procedures for constructing neighborhoods based on Voronoi polygons and
for calculating local segregation indices are developed as MapBasic extensions
of MapInfo. In the following, we consider G*_{i,n} and K_{1i,n}
indices, set weights w_{ij} = 1/(N_{n}  1), where
N_{n} is a number of units in U_{n}(i), and set
coefficients R equal to one. To map the results of analysis, we
always divide the interval of the index's variation into three classes,
corresponding to high, low and intermediate values of the index.
Ethnic residential segregation according to a topdown hierarchy
To represent G*_{i,n} we map the fraction of Arab population
in a unit for each level of Yaffo's administrative hierarchy (Fig. 4).
According to (3), the difference between G*_{i,n}, and this
fraction is a constant number. Going down the levels of hierarchy, one
can see that the maps at the levels of statistical areas, electoral districts
and street cells (Fig. 4bd) do not add much to understanding residential
segregation in Yaffo created by houselevel map (Fig. 4a). In contrast,
lowresolution maps provide an essentially biased representation of the
situation due to the arbitrarily location of the boundaries of the administrative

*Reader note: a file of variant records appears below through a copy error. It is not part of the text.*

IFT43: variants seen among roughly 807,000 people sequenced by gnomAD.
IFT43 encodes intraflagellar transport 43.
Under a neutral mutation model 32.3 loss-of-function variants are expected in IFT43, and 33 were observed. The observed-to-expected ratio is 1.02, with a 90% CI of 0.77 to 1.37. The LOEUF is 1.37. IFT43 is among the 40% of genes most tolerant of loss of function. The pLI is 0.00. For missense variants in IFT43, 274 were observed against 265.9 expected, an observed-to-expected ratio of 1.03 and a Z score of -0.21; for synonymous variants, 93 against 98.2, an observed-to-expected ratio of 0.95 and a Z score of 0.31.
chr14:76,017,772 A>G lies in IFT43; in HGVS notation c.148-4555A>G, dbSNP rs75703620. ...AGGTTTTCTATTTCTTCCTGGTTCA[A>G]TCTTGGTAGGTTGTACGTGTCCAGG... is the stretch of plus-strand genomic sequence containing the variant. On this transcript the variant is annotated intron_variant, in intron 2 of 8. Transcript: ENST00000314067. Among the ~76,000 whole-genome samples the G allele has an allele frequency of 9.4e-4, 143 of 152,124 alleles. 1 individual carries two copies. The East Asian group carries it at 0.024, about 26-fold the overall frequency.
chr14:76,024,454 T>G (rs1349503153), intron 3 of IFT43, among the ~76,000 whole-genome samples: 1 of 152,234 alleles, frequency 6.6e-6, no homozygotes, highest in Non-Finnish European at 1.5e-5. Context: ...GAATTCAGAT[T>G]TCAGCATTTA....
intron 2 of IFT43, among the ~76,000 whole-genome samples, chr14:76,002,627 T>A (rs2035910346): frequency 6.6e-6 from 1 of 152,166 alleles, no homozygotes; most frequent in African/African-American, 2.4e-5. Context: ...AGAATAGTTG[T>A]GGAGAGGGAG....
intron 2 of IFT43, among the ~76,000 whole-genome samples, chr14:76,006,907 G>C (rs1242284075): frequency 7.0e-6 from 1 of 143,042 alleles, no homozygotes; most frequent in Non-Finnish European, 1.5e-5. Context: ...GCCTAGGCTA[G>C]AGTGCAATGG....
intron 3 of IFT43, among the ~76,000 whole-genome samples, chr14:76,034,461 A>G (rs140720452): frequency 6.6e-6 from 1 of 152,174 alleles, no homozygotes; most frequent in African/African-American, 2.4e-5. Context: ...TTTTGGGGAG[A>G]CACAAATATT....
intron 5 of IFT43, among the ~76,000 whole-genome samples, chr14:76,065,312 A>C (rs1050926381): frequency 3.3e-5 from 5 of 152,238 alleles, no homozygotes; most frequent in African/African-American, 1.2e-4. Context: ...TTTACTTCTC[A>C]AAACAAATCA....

units and the high number of unpopulated buildings found in Yaffo. It is
obvious that the bias increases when the spatial units grow (Figs. 4bd).
We do not present here maps of K_{1i,n}, which are uninformative
for units above the house levels and proceed to the bottomup hierarchy,
which begins with houses in any case. Let us note here that with the bottomup
approach, the mean size of a neighborhood of order 4 corresponds to the
size of a street cell and the size of a neighborhood of order 8 corresponds
to an electoral district.
Ethnic residential segregation according to a bottomup hierarchy
Here we compare spatial distributions of the indices G*_{i,n}
and K_{1i,n} constructed for the level of houses versus
neighborhoods of orders n = 1, 2, 4 and 8 (Figs. 5  6). Prior to
analyzing each index separately, let us point out two important differences
that stem from a comparison of Fig. 4 and Figs. 5  6. First, it is difficult
to locate the boundaries between homogeneous areas in Fig. 4, whereas the
locations of the boundaries remain constant in Figs. 5  6. On the maps
in Figs. 5  6, constructed for higher levels of the hierarchy the boundaries
may "disappear", but they do not actually move in space. Second, the boundaries
between homogeneous/heterogeneous domains in Figs. 5  6 do not correspond
to the boundaries between street cells, electoral districts or statistical
areas, which define the administrative partition and the topdown hierarchy.
Local Getis G*
The impression we receive from the mapping of the areas of concentration
of the Arab and Jewish population in Yaffo, as seen in Fig. 5, is unambiguous.
We can clearly distinguish domains of homogeneous populations of Arabs
or of Jews; these domains are characterized by values of G*_{i,n}
that are close to the maximum or the minimum for all n. The rest of the
Yaffo area, where for some or for all n the values of G*_{i,n}
are far from the extremes found, cannot be uniquely classified because